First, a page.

Weapons are laid onto the target via a flat panel display inside, using a roof mounted-sighting system fitted with day/thermal cameras and a laser rangefinder plus missile guidance package.

Above: The Milosh 2 4x4 fitted with a remote-controlled turret armed with a 20mm cannon, 7.62mm machine gun, two missiles and a 30mm M93 automatic grenade launcher. (Photo: author)

The Lazar 8x8 was originally introduced into service with Serbian forces fitted with a roof-mounted unstabilised remote controlled weapon station armed with a 12.7mm machine gun.

Above: The Lazar 3 8x8 fitted with a remote weapon station armed with two 30mm cannon laid onto the target by a day/night sighting system. (Photo: author)

For trial purposes the Lazar 3 has now been integrated with a remote-controlled weapon station (RCWS) armed with two 30x210mm single-feed cannon each provided with 110 rounds of ready ammunition, with a claimed maximum range in the ground-to-ground role of 2,000m.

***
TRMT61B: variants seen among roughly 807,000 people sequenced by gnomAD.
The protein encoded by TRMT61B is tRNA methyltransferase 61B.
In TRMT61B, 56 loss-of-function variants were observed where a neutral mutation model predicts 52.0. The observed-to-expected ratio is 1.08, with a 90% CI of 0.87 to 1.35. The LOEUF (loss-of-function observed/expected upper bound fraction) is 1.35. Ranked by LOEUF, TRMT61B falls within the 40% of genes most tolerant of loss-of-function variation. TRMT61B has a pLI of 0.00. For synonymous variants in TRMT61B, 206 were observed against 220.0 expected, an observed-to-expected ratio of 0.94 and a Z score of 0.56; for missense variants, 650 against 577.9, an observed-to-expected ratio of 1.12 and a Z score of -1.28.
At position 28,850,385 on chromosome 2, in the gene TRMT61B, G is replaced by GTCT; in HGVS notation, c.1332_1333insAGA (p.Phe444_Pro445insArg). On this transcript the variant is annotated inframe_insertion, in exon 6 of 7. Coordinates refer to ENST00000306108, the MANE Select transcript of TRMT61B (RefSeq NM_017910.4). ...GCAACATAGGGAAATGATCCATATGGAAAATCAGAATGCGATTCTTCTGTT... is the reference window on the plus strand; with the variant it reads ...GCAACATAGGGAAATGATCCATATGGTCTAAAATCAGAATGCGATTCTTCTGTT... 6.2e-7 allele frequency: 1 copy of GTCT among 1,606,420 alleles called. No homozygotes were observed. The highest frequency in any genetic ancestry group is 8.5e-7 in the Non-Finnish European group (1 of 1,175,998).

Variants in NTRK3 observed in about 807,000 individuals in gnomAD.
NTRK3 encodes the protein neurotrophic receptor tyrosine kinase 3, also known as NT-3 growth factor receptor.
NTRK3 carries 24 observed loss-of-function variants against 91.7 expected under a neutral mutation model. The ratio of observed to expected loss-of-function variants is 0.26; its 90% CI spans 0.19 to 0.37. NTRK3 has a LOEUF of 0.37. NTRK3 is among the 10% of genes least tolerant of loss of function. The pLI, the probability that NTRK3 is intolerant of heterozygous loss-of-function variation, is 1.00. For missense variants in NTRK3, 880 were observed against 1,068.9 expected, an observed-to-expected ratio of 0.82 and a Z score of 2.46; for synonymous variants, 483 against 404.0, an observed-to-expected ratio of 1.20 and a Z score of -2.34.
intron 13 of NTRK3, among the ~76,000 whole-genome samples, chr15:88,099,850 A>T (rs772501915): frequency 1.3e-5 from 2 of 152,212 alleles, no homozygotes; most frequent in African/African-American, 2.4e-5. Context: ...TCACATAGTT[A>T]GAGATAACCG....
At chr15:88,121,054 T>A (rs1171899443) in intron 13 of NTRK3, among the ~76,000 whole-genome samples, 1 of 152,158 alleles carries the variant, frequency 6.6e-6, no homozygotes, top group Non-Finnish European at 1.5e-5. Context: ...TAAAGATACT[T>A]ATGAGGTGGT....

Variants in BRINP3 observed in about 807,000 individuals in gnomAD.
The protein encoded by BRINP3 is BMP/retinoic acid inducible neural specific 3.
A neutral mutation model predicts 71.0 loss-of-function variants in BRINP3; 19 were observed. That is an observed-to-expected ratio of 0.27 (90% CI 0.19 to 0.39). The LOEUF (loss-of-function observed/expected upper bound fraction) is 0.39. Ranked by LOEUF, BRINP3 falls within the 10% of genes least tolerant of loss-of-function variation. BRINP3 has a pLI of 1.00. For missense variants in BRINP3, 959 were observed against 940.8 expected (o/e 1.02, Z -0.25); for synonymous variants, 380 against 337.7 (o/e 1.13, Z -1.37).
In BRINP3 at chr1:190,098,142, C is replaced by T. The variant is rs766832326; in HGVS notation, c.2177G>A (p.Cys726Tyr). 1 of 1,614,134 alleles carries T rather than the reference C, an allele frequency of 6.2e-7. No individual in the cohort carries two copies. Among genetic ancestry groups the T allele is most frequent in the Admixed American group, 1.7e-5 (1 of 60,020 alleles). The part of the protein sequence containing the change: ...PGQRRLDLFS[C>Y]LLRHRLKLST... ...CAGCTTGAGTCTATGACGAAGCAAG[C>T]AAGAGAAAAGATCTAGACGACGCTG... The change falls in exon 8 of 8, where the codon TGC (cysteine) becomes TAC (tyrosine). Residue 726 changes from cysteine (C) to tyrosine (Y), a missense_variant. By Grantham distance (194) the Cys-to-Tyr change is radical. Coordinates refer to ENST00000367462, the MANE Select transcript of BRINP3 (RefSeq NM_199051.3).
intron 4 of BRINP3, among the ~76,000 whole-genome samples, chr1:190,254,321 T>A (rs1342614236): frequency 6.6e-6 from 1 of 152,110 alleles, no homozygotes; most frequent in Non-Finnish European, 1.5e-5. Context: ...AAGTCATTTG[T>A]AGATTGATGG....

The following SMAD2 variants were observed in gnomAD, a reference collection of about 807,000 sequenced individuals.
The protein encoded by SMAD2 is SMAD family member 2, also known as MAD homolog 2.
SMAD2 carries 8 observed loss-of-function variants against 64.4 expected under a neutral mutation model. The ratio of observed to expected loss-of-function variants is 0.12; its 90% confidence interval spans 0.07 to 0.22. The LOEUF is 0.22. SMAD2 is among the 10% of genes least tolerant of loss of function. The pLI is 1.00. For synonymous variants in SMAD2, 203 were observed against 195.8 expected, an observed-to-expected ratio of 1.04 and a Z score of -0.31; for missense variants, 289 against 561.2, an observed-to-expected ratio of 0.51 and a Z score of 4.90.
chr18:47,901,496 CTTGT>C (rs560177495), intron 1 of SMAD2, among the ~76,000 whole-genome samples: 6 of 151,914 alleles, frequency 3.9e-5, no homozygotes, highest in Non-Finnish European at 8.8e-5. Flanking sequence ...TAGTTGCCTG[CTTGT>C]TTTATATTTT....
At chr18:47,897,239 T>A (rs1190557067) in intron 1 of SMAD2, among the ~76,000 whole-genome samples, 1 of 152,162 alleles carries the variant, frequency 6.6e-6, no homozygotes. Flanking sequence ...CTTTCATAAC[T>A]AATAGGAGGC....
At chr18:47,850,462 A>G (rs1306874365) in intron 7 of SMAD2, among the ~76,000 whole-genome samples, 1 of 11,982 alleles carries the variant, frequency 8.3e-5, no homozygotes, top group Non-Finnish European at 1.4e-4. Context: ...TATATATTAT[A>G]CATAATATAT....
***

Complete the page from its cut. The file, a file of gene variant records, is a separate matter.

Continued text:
The new model of Lazar, designation 3M, has also been completed, which is equipped with a RCWS armed with a stabilised 30mm dual-feed cannon and 7.62mm coaxial machine gun (MG) laid onto the target via charge-coupled device (CCD) camera, infra-red (IR) camera with laser rangefinder and automatic tracker.


The cannon is provided with 300 rounds of ammunition (200 high explosive and 100 armour-piercing tracer).

The M in the designation indicates the vehicle has an additional armour package and anti-mine protection which has increased its weight of around 30t. Unlike earlier Lazars the 3M does not have any bulletproof side windows and associated firing ports in the hull.

Serbia (Jugoimport-SDPR) has also completed a prototype of the Lazanski 8x8 infantry fighting vehicle which has a maximum weight of 26-36t which depends on the weapon station and armour package.